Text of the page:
Fibre broadband is still lacking in much of France: where and why?

We also look at what is being done about the problems and a change of approach in Brittany

The fibre rollout has been largely successful in most regions but Brittany lags behind
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Slow, inconstant connections, messy work, late technicians… Despite these common frustrations, the number of homes connected to fibre broadband is rising. But not all areas have access yet.

Between March and June 2023, 870,000 more homes were connected to the fibre broadband network which meant that by July 2023, 74% of France had access.

Large areas of north eastern France have it, but in the south, centre and north west, the connections are significantly more patchy.

Which areas are lagging behind?

Brittany is the region with the least fibre connectivity with all four departments in the region far behind the national average. In Côtes-d'Armor only 47% of homes are eligible for fibre connections, 50% in Finistère, 54% in Morbihan and 66% in Ille-et-Vilaine.

Other poorly performing departments are Vienne, Dordogne, Ardèche, Drôme, Somme and Savoie.

In some cases, such as in Ardèche or Savoie the slow spread of fibre connectivity can be understood by the difficult local terrain.

However, in Dordogne or the Brittany departments the reasons are more complex, intertwined with the French government’s strategy elaborated in the 2013 Plan France Très Haut Débit.

As is often the case in France, the rollout of fibre broadband relies on a jigsaw of the state, the regions, the private sector and a watchdog (ARCEP).

Much of the €6.5billion funding for the system ultimately comes from the state and the regions, with private operators supplying the manpower and connecting homes, and the watchdog mapping progress and keeping the peace.

Regions set up their own syndicates to manage the rollout, such as Périgord Numérique and Mégalis Bretagne.

By 2017 the major cities had largely been connected.

However, in December of that year President Macron froze state funding from the state until 2019, then limited the funding pot to €140m, a low amount given that Brittany alone still required €200m to complete its fibre rollout.

More of the impetus for the rollout fell upon the regions at this time. The greater freedom and greater share of the costs led to a great disparity in the rate of progress between regions.

In Brittany, the local authority responsible for the fibre rollout Mégalis Bretagne admitted that its choices caused delays.

“It is in part due to the choices we made between 2016 and 2020 to use local companies to do the work. We got delayed,” its spokesperson said to the Pontivy Journal in May 2023

The French government sought to resolve the issue of patchy financing in its new edition of the Plan France Très Haut Debit published in 2023, which allocates funding until 2025 and beyond. The plan also extends the project beyond its initial finish date of 2025 due to the significant delays in Brittany in particular.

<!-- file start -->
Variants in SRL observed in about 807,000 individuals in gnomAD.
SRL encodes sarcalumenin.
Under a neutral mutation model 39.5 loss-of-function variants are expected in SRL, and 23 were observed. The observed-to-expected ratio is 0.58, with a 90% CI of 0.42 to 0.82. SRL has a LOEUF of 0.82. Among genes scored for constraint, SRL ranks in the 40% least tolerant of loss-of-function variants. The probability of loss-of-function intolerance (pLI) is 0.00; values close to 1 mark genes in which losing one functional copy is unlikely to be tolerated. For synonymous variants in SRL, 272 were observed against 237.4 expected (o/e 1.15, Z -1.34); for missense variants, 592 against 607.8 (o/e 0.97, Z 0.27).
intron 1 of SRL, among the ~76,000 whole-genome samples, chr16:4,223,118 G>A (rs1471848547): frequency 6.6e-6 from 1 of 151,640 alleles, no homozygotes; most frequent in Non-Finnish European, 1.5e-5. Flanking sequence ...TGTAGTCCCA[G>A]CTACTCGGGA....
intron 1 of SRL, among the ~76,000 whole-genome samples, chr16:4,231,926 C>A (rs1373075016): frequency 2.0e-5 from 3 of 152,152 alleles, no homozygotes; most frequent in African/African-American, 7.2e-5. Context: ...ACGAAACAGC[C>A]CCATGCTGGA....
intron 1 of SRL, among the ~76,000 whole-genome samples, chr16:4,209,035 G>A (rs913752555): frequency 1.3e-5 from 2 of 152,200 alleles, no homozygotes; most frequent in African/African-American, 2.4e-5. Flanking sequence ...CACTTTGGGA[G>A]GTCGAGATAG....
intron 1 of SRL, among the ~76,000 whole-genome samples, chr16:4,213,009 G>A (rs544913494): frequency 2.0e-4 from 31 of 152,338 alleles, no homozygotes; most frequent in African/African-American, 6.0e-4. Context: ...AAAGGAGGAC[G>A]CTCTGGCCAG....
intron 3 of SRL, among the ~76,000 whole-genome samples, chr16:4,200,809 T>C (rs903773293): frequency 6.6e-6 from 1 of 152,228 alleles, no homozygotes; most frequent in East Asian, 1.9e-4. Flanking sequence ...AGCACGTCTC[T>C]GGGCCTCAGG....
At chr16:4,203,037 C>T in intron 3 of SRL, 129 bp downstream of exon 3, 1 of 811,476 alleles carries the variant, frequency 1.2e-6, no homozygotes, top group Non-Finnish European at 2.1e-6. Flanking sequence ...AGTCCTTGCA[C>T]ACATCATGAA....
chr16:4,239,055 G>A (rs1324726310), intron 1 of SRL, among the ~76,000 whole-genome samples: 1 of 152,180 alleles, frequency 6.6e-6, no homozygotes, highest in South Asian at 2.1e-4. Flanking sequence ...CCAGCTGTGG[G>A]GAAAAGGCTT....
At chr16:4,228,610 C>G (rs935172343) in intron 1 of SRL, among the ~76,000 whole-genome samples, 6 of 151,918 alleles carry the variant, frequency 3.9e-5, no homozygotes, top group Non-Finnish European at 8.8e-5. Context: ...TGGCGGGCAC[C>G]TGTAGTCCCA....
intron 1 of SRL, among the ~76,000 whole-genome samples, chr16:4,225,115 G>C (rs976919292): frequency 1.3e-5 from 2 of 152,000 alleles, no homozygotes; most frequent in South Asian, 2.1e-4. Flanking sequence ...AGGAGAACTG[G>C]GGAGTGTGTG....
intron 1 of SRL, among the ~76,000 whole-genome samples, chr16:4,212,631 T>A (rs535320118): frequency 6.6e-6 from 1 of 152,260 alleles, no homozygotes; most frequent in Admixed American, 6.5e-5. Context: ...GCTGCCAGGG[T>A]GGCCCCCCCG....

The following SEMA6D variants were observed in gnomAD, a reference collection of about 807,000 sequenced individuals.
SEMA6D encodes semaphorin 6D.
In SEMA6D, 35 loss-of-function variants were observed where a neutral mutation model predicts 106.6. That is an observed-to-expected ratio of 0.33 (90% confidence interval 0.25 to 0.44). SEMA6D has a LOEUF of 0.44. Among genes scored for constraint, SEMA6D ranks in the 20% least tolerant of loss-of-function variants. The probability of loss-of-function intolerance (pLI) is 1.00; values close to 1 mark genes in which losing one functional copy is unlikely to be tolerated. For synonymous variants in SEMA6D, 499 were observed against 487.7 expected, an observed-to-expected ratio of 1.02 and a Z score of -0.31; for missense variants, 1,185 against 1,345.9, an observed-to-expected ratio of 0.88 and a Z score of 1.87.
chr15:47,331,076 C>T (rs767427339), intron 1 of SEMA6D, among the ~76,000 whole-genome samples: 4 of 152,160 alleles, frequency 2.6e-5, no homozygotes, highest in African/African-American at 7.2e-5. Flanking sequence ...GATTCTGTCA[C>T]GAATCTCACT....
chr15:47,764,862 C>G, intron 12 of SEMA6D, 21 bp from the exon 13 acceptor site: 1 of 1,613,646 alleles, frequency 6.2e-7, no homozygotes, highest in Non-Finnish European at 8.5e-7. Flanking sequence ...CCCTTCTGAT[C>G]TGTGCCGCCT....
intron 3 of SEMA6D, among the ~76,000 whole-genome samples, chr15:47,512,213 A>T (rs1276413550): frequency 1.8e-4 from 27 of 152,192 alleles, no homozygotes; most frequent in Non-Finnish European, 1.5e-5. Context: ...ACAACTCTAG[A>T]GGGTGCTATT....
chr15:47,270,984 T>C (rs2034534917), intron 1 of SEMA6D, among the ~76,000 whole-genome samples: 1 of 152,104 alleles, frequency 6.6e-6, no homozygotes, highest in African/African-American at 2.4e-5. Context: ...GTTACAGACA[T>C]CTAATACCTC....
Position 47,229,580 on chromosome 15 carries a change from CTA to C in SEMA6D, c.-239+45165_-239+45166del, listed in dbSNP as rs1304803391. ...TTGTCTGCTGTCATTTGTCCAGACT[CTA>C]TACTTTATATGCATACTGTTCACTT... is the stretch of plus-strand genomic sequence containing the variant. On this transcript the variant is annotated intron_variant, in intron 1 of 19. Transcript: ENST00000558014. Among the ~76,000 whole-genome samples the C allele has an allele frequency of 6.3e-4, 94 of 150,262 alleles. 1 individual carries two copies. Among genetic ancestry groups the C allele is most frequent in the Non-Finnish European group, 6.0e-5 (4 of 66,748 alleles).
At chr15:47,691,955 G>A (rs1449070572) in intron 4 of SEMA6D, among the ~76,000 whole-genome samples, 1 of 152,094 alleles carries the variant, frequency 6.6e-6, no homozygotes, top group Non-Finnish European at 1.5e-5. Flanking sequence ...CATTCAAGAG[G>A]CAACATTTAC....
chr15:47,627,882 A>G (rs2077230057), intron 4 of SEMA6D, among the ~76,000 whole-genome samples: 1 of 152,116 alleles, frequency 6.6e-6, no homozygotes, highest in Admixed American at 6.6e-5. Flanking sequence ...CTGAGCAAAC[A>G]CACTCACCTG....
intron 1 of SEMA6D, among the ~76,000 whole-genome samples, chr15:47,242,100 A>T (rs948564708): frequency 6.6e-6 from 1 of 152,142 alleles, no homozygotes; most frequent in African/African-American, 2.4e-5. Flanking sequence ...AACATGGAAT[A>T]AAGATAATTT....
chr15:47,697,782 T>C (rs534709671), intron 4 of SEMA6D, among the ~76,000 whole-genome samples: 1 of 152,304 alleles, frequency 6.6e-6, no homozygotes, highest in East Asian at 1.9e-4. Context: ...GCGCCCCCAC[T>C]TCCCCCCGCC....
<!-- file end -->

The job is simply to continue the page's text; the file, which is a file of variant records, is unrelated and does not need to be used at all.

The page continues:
The plan now aims for 100% access to fibre broadband by 2030.

While Brittany lags behind, Mégalis Bretagne believes that lessons have been learned.

“For the next phase of the rollout, we are only going to use a single company, which will get this done much faster.”

‘Too many subcontractors’

Read more: France’s fibre network ‘had seven times more complaints than mobile’

In May, senator Patrick Chaize, who represents Ain (Les Republicains), suggested that the rollout was being mismanaged.

“The problem is the operators are simply not geared for the number of connections – 15,000 a day – and so they subcontract, and their subcontractors also sub-contract,” Mr Chaize told the Connexion.

The contractors and subcontractors, he said, are often poorly paid and under considerable pressure to connect too many homes, too fast, meaning that many people have been left wanting by the quality of their fibre connection.

What sorts of issues are people having?

The Association française des utilisateurs de télécommunications, Afutt, says that ‘service interruptions’ are the main complaint, which can see entire villages cut off from the internet for days at a time.

Many people have concerns about the fragility of the fibre network, which can sometimes cut out when an operator is connecting another home in the neighbourhood.

There can be external factors too with a massive internet blackout recently affecting 27 communes in the Cevennes when rodents gnawed through fibre optic cables near Florac (Gard).

Read more: Internet cut after suspected rodents chew cables in southern France

Other users feel frustrated that they cannot fall back on the old copper ADSL system when the newer fibre optic cables connection fails.

While the copper network still has 22.6m active lines and 15m poles around France, it is due to be dismantled by 2030.

How can you avoid problems?

Make sure you are present when the operator (Orange, SFR, Free, etc) comes to connect your home to the fibre network.

The operator may need to drill holes, or run the new fibre cable along the inside and outside walls. Make your preferences clear to the person doing this as alternative solutions may be available (for example, putting the cable in a corner).

If you are dissatisfied with the service, your first contact should be to your operator’s customer service and if they prove difficult to contact, to a consumer group such as UFC-Que Choisir.

All telecommunications companies in France are regulated by the media ombudsman, which you can contact should customer service prove unsatisfactory.

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